25th Sunday After Pentecost
By Melody Kroeger
It was ninety-six years Wednesday since the end of the First World War, at 11 o’clock on the eleventh day of the eleventh month. For ninety-six years, since 1919, people have stood silently – at that time, or on the nearest Sunday – to remember the dead of the War that was to end all wars, of the world war that followed it, and the wars that have followed those.
We should not forget that the gospel of Mark is a war-time gospel, written in or around 70 C.E. when the temple of Jerusalem was destroyed and the city sacked. For nation will rise up against nation, and kingdom against kingdom; there will be earthquakes in various places; there will be famines.
It is entirely appropriate that we read these words with the same breath with which we acknowledge Veterans Day.
I know many of you played a role in WWI as veterans, sisters, brothers, wives and sweethearts of veterans. My father was a veteran. My father-in-law too.
Joe Kroeger, born to a hard scrabble family in Missouri, joined the Navy in spring 1940, largely to escape the shattering poverty and paralyzing hopelessness that was the Great Depression. From a farm in Missouri, Joe was sent to basic training in Illinois and then on to the USS Ramapo – a fleet oiler – the ship you see here in this old black and white photograph.
On the evening of Saturday December 6th, the Ramapo steamed into Pearl Harbor and moored its starboard side at dock 2 – just on the other side of the harbor from battleship row. As the sailors bunked down that warm night on those itchy wool blankets, they represented a cross section of America – young men from cities and towns – boys looking for adventure, escape, opportunity.
At 7:55 the heavens above Oahu tore open and the skies caught fire. Joe climbed up on deck and manned one of the aft machine guns as nation rose up against nation, and kingdom against kingdom; the earth shook. Over the next 4 years ordinary people did extraordinary deeds. Rich kids, poor kids. The quarterback on the championship high school football team. The president of his class. The lead in the high school play. The wizard in chemistry class. The bright young girl with a promising career in nursing.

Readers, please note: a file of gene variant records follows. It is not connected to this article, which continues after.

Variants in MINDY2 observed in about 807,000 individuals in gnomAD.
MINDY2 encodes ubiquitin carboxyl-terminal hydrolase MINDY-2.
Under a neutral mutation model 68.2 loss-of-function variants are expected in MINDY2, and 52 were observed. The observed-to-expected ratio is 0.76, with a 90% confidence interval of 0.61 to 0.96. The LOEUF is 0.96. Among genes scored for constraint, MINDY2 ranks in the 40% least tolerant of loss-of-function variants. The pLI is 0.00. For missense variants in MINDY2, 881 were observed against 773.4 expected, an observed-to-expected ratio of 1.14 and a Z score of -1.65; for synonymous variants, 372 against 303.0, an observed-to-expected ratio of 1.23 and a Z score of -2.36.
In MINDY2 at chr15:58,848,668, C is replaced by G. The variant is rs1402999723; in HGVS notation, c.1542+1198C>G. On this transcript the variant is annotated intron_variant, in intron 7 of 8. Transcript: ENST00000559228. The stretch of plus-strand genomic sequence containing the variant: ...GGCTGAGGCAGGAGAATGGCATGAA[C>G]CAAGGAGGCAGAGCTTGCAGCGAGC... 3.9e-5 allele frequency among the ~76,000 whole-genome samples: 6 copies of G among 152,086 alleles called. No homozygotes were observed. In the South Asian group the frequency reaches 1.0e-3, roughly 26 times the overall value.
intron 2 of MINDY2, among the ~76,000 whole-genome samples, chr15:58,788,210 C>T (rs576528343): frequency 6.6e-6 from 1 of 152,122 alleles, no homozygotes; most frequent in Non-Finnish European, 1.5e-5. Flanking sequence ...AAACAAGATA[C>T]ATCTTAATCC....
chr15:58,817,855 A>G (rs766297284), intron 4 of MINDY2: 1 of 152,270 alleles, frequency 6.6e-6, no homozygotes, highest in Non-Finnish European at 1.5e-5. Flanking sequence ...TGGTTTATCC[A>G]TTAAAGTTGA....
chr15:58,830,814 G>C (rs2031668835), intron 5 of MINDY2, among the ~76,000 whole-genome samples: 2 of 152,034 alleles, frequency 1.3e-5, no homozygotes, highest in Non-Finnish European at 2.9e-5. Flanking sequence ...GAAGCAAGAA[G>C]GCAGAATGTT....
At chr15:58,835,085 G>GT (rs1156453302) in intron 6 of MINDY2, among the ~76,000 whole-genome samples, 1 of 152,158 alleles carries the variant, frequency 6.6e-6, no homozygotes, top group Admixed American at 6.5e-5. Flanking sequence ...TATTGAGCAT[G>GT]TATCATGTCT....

In K Company, stationed on the Western Front, boys who could neither read nor write served alongside privates from Yale and Harvard. Their sergeant, Franklin Brewer was from an old Main Line family from Philadelphia and had a Harvard degree. At 37 years old, Sergeant Brewer was known to his men as Father Brewer or sometimes Mother Brewer. And here he was, a sergeant in a rifle company on the front line, because he wanted it that way. He wrote his family back home “The noise, the shock, the sensation of total helplessness, the sudden loss of every familiar assumption…Our new-boy illusions of the past two days dissolved in a moment.”
The most decorated unit in US military history, the 442nd Infantry Regiment was composed of Japanese-American enlisted men, fighting fiercely in Italy while their families back in the states were in an internment camp. The 442nd suffered 800 causalities and lost 400 men rescuing 211 men of the Lost Texas Battalion in the mountains of Italy. In all, 33,000 Japanese Americans served in the U.S. Armed Forces in WWII.
After World War II, like all the wars before and after, veterans came home and settled on in a quiet life of service — as a doctor or a police officer, an engineer or an entrepreneur, as a mom or a dad — and in the process, changed countless lives.